After listening to presentations from 18 graduating residents of the Chad frontline field epidemiology training program, officials from the health ministry believe the findings will significantly contribute to the body of evidence for informed decision-making on public health interventions in the country.
Officiating at the graduation ceremony of the country’s first cohort of the frontline FETP, the health ministry’s Deputy Director-General Secretary Dr. Mahamat Hamit emphasized the importance of the training saying it would ‘‘increase appreciation of the role of data in community health surveillance among public health workers, improve basic surveillance data collection and analysis, improve interpretation and communication, and improve the quality and use of surveillance data for disease detection and outbreaks, improve the sharing and dissemination of health information, and improve response to public health events, including case investigations and outbreak investigations.’’
Dr. Hamit observed that like in other sub-Saharan African countries, Chad is facing a health situation characterized by high morbidity and mortality due to epidemics of meningitis, measles, cholera, as well as other communicable and non-communicable diseases.
Pledging unfettered support to the tripartite collaboration with AFENET and CDC, in the implementation of the frontline FETP, Dr Hamit said he was confident that this training would address short and long-term solutions to implementing the program's objectives. He thanked the CDC and AFENET for facilitating establishment of the program.
Representing the AFENET Director was Dr. Alain Magazani, the AFENET Regional Technical Coordinator for the Central Africa and Indian Ocean region who congratulated the graduates, program staff, public health and national solidarity ministry staff, as well as the CDC for making the training a success.
‘‘This is commendable, and it is my fervent hope that this effort will continue. The many public health challenges facing the world require nations to mobilize the resources necessary to train the public health workforce needed. We must work to ensure the sustainability of FETP in Chad,’’ he said.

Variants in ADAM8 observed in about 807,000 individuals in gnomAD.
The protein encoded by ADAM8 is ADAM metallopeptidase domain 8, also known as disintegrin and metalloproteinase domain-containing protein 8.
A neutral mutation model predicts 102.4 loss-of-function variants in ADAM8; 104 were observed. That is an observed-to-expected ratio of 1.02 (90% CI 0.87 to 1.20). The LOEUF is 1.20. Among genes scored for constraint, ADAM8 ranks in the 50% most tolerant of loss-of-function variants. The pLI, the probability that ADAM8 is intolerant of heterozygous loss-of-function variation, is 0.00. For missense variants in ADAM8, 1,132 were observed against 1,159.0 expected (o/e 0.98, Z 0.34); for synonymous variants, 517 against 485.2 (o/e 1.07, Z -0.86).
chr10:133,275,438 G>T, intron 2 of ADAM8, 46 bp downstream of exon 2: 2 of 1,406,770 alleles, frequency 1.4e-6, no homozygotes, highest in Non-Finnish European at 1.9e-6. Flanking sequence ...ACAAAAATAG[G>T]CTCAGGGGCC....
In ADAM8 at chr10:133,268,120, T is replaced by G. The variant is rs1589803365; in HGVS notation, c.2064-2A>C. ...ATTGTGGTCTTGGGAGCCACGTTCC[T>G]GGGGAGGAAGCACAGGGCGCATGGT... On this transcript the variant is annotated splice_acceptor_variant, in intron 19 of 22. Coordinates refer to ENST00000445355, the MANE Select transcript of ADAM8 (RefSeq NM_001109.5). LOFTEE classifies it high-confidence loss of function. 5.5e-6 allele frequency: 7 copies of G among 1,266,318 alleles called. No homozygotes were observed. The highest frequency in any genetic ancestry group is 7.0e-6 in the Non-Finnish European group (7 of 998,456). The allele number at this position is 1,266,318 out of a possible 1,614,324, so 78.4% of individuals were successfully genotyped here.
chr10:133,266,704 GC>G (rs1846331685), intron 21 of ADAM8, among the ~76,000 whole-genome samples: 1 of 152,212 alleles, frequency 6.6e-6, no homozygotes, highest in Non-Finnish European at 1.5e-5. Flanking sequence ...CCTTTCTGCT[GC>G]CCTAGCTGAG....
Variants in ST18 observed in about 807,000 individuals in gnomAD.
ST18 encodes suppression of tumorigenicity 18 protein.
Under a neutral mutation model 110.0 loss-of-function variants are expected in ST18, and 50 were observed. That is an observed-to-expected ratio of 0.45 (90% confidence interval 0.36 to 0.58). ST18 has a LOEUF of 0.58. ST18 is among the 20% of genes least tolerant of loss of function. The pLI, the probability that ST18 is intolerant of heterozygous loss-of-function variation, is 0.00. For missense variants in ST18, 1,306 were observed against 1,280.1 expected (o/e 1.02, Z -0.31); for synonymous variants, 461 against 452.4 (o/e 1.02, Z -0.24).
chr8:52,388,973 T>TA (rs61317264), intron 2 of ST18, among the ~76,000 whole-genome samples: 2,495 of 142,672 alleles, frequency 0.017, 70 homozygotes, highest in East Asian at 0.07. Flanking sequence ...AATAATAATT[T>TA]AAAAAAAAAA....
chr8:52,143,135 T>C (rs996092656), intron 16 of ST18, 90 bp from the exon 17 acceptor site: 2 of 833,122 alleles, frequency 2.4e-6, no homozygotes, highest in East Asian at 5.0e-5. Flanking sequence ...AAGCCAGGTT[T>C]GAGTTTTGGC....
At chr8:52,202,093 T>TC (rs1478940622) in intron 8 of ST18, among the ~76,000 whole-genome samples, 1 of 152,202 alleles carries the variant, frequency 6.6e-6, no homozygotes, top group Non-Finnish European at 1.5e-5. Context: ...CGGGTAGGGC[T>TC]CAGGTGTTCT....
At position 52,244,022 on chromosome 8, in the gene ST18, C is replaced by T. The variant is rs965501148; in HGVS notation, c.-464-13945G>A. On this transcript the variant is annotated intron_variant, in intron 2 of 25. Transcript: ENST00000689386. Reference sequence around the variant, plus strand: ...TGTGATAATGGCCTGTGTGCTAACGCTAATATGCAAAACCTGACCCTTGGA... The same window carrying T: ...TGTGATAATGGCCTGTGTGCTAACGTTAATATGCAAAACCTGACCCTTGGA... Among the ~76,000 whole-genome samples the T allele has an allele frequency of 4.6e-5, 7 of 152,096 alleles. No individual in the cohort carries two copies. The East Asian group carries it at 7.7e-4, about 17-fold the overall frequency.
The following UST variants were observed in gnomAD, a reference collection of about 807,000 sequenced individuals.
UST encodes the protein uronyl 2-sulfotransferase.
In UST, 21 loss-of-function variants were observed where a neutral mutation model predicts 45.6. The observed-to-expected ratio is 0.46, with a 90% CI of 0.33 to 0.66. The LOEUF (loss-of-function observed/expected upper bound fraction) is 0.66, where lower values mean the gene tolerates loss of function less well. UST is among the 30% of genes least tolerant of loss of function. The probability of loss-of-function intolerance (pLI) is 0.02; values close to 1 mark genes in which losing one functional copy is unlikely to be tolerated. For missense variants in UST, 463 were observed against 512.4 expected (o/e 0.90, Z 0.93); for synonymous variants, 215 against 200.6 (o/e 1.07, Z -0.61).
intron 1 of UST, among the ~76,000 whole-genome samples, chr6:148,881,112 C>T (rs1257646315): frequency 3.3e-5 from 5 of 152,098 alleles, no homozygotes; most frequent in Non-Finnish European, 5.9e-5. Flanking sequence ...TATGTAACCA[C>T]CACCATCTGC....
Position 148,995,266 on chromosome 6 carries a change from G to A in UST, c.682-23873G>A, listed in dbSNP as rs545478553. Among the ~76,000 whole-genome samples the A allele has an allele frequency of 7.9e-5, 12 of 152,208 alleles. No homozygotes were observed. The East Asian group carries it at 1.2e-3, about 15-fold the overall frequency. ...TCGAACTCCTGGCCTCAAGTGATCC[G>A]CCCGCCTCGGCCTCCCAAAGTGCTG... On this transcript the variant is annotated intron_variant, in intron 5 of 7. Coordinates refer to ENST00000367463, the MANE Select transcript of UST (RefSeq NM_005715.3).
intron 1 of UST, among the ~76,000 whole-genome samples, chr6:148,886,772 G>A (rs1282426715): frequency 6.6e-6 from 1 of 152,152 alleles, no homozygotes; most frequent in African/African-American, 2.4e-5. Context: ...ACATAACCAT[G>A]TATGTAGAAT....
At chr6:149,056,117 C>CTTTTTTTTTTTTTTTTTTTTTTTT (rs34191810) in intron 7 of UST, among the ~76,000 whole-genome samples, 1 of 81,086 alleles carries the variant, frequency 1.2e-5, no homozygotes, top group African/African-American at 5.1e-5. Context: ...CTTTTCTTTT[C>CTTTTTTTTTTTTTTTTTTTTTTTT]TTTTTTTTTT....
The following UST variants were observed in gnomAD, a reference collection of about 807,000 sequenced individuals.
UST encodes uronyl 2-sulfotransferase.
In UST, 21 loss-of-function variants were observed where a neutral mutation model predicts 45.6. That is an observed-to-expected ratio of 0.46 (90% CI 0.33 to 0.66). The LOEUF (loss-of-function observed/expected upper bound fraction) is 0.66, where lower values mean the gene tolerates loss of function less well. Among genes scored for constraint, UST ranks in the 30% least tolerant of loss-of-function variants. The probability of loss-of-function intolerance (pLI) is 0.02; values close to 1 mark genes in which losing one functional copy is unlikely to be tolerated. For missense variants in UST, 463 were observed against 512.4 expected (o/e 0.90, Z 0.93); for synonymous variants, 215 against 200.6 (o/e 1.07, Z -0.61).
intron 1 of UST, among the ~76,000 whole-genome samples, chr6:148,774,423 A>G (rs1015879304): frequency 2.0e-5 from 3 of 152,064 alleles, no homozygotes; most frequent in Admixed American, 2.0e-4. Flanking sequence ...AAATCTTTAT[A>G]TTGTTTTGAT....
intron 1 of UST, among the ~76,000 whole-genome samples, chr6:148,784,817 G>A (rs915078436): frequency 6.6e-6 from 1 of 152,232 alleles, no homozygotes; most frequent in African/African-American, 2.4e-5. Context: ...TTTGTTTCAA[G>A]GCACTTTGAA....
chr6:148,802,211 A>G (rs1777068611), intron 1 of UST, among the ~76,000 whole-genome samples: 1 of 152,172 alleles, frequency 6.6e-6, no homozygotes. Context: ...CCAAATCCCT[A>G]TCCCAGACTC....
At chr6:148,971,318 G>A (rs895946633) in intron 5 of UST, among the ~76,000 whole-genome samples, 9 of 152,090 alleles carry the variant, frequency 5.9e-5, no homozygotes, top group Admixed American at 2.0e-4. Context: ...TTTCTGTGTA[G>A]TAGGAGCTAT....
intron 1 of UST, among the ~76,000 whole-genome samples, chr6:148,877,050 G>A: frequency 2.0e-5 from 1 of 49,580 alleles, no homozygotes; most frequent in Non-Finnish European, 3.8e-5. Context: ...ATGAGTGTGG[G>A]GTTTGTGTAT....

Specifically to the graduates, Dr Magazani said : ‘‘The competency-based training you have undergone has given you the right knowledge, skills and attitude to provide a variety of public health services. Your country and the world expect nothing less than excellent service. I have no doubt that you will live up to that expectation.’’
Other officials who graced the ceremony were Dr Saada Daoud, Director General of Surveillance and Disease Control, Health Promotion and Nutrition ; Mr. Fali Djanserbe, Deputy Director-General, MoH ; Dr AbdelSadick Hidjab, Director of Surveillance and Disease Control and Mr Ali Abderamane Abdoulaye, Deputy Director of Surveillance and Disease Control. Also in attendance were FETP mentors and facilitators, who witnessed the awarding of certificates for the 18 participants.
Mr. Saleh Hassan Adiker, one of the graduates who is also a health worker in charge of analysis and epidemiological surveillance in Hadjer Lamis Province, expressed his gratitude saying the training would enable them to improve surveillance, investigation, and response to various diseases and health events. He thanked the Ministry of Public Health and National Solidarity of the Republic of Chad, AFENET, CDC Atlanta, the FETP, and especially the AFENET FETP Resident Advisor Dr Nestor Ndakala for all the technical, and administrative support given to them.